Your Vanguard tax-exempt investments and AMT
If you're a current or prospective Vanguard tax-exempt fund shareholder, learn about potential alternative minimum tax (AMT) implications on fund income.
What is AMT?
AMT is a federal income tax calculated separately from the regular federal income tax. It is designed to prevent taxpayers—particularly those with high incomes—from using certain deductions and credits (called tax-preference items) to pay little or no taxes. In recent years, AMT has impacted growing numbers of middle-income taxpayers because the amount of income that can be excluded from AMT has not been indexed for inflation.
You may or may not be subject to AMT. To find out, you must complete IRS Form 6251 , Alternative Minimum Tax—Individuals, in addition to your regular 1040 tax return.
AMT can impact tax-exempt fund investors
One factor in determining whether you owe AMT is investment in tax-exempt municipal bonds (either directly, through individual securities, or indirectly through a mutual fund). A tax-exempt mutual fund, for example, may hold "private-activity" bonds that are among the tax-preference items counted for AMT purposes. Under the AMT system, fund income you receive that is attributed to these bonds—sold by municipalities to finance private projects such as airports or sports stadiums—is taxable. Under the regular tax system, however, the income is tax-exempt.
Check your Form 1099-DIV
Form 1099-DIV reports any income you received from private-activity bonds, which is subject to AMT. All tax-exempt income (of $10 or more) that you receive from a fund during a given year is reported in Box 10 of the form. The portion of income in Box 10 derived from AMT tax-preference items, such as private-activity bonds, is reported in Box 11.
When completing Form 6251 to determine if you owe AMT, report the amount shown on Form 1099-DIV, Box 11, on Line 12 of Form 6251. (View your Form 1099-DIV if you've been issued one, or get more information on how to use it when preparing your tax return.)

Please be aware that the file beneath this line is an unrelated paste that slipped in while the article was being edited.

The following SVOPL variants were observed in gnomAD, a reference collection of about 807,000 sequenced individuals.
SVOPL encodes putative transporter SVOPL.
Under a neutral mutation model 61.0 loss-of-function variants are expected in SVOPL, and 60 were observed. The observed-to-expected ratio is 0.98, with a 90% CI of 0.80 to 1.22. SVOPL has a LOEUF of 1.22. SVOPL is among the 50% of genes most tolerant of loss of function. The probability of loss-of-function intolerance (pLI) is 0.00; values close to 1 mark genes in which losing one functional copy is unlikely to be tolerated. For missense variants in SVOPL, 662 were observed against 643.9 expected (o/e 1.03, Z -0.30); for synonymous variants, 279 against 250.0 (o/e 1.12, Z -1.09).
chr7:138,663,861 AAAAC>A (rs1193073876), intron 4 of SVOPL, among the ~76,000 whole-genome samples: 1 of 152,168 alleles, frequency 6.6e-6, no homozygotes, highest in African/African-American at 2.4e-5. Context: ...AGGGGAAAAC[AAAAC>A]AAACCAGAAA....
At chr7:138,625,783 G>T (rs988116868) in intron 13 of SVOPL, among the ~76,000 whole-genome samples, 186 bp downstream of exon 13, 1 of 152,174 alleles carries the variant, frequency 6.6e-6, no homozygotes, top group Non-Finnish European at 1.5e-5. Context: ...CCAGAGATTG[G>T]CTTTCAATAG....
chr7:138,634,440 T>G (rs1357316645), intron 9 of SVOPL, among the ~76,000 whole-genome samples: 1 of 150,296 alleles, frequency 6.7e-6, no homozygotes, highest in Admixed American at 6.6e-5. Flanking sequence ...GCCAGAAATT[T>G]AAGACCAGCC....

Note: Income of less than $10 from a tax-exempt fund is reported on your Vanguard year-end account statement. Some of this income also may be attributable to private-activity bonds and thus must be included in your AMT calculation. To determine the amount, if any, that must be included, call us at 877-662-7447. Our associates are available on business days from 8 a.m. to 10 p.m. and on Saturdays from 9 a.m. to 4 p.m., Eastern time.
Private-activity bond percentages no longer needed
Prior to 2006, income attributed to private-activity bond interest was not reported separately. Instead, investors were required to calculate the amount of tax-exempt income subject to AMT using percentages provided by their investment company (including Vanguard). A separate calculation is no longer necessary to determine private-activity bond income (except when, as noted above, income of less than $10 has been reported on your year-end account statement). When completing Form 6251, simply report the amount provided in Box 11 of Form 1099-DIV on Line 12.
Vanguard funds have flexibility to invest in private-activity bonds
Most Vanguard tax-exempt bond funds seek to limit their investments in private-activity bonds. Although the funds' income distributions are expected to be exempt from federal income tax, a portion of these distributions may be subject to AMT. By prospectus, Vanguard municipal bond funds may invest up to 20% of their assets in private-activity bonds.